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VIDEO: "She's like a rockstar:" mother deer dubbed 'June' gives birth for third time on UNBC campus

UNBC Lab Animal Attendant says those who find young fawns in the grass should "leave them alone"
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A star was born on the UNBC campus in Prince George recently.

Well, make that two stars, from a star mom. 

Her name is June, and she is a deer who has been coming to the courtyard at UNBC for three years now, to give birth to her babies.

"She had one the first year, and then twins last year, and twins the year before," says Sianne Vautour to PrinceGeorgeMatters.

She's a Lab Animal Attendent at the university, and has been working in the animal health field for fifteen years.

sianneSianne Vautour, x-raying a bear cub in her former capacity as an Animal Health Technician at Ospika Animal Hospital. (via Sianne Voutour)

Vautour saw the deer give birth in her usual spot, the UNBC Courtyard, at 3 p.m. on Monday (June 10).

"We knew she was coming back, she comes back every year," Vautour says, adding that staff knew June had returned when they arrived to work that day and saw that the courtyard area had been cordoned off with signs and tape by Security staff.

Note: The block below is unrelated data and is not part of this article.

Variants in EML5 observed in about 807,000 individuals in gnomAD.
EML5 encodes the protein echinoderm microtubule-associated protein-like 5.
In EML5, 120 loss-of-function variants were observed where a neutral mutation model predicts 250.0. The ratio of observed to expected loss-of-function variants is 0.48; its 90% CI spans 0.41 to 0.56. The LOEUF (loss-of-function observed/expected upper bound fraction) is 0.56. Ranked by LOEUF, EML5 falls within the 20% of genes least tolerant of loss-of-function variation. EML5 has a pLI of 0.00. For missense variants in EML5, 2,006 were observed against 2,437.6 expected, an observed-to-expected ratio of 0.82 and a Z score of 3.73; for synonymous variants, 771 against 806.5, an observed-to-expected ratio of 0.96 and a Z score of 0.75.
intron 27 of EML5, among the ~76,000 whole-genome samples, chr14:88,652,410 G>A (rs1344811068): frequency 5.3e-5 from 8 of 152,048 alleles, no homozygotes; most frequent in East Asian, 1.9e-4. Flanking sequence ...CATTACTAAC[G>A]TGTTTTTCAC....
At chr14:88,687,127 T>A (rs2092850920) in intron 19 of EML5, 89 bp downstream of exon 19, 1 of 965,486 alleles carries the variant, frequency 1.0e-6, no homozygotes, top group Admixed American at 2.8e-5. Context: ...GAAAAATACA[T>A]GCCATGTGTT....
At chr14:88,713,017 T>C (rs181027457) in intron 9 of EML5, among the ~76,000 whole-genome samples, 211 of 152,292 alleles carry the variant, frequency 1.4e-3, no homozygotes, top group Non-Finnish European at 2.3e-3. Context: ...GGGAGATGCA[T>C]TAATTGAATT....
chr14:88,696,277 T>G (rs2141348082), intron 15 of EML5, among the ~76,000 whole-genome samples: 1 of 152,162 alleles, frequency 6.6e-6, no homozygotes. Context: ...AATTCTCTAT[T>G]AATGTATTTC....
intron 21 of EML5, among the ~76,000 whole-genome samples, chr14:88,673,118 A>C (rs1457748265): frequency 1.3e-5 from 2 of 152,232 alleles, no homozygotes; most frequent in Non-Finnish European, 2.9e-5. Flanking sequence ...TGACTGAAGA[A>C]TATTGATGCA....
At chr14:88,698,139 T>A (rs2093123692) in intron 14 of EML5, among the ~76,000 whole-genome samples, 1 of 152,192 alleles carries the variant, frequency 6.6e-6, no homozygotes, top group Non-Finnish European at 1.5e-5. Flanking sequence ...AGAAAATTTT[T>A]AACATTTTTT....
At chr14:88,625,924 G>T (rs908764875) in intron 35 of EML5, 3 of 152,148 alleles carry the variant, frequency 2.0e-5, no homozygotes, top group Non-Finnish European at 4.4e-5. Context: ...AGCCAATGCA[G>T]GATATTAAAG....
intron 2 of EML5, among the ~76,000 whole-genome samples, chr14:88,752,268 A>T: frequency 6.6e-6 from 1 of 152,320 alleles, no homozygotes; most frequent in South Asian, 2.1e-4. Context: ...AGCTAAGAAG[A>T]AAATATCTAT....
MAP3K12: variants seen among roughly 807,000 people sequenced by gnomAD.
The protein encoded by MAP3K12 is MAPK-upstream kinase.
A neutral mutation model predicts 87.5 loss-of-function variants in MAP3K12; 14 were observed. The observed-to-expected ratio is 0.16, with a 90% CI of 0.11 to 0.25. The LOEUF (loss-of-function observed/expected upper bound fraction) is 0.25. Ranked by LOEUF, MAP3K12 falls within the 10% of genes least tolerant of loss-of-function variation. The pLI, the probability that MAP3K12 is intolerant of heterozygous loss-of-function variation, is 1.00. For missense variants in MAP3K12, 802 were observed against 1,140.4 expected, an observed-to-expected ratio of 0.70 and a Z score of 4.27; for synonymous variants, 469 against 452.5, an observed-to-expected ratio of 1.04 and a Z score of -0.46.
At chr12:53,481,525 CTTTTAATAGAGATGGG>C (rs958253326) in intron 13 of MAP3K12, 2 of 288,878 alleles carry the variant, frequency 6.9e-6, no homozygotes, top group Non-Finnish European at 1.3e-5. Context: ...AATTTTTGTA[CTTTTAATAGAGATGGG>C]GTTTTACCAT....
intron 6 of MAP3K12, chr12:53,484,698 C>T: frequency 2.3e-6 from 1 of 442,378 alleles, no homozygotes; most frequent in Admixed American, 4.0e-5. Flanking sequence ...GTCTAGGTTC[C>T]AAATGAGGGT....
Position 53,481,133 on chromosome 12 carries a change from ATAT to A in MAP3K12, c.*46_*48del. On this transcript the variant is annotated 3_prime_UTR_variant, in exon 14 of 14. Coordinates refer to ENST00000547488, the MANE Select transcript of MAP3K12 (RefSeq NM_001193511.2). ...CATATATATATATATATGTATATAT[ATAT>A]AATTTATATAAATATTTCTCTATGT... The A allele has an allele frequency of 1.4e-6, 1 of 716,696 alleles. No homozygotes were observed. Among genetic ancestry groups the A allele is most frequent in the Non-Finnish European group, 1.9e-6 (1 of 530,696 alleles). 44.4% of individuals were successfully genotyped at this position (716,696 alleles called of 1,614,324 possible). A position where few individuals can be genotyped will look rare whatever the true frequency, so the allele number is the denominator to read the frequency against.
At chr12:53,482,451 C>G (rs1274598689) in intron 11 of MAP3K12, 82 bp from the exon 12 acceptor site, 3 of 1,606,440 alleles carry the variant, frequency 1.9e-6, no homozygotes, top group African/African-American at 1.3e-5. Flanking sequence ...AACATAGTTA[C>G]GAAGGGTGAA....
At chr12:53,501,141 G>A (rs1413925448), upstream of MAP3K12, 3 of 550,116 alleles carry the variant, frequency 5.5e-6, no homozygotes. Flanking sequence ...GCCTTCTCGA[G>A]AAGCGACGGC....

"We watched her in labour yesterday, we could see her panting and having contractions. But everyone's healthy, she's an awesome mom."

Vautour says that there had been some concern among the staff that June wouldn't return this year, because of ongoing construction at the campus.

But apparently, June hardly noticed the sounds of hammering and belt sanders, leaving the little spotted fawns to sleep as she pranced her way around the campus, presumably relieved to be free of a bellyful of babies.

"They looked like two little stones in the grass, someone almost stepped on them!" She adds, chuckling.

Vautour says that this practice of  periodic separation is an entirely natural safety precaution among deer, as "if she's standing there, she's visible, and predators can find her and them."

When Vautour worked as an animal health technician at a local veterinary clinic, she says that people used to bring in baby deer frequently, thinking they were abandoned, "but they're not! Mom has just left to forage!"

June the deer seems to feel particularly safe leaving her babies at UNBC, and comfortable with the attention she attracts.

"Every year, people stare through the courtyard windows, and over the railings at her," says Vautour. "She's a rockstar, she's used to it. She's just like, whatever."

As of Tuesday, June has moved her babies to the Nursing building.

She will take her fawns to the nearby forest in a few days, when they are strong enough for the journey, and they will do so in style:

"The big security guys came out with cones and ribbons, blocked off roads and areas, all so that they make it where they need to go safely,"

Says Vautour. "They're just celebrities here! We just hope she comes back next year."




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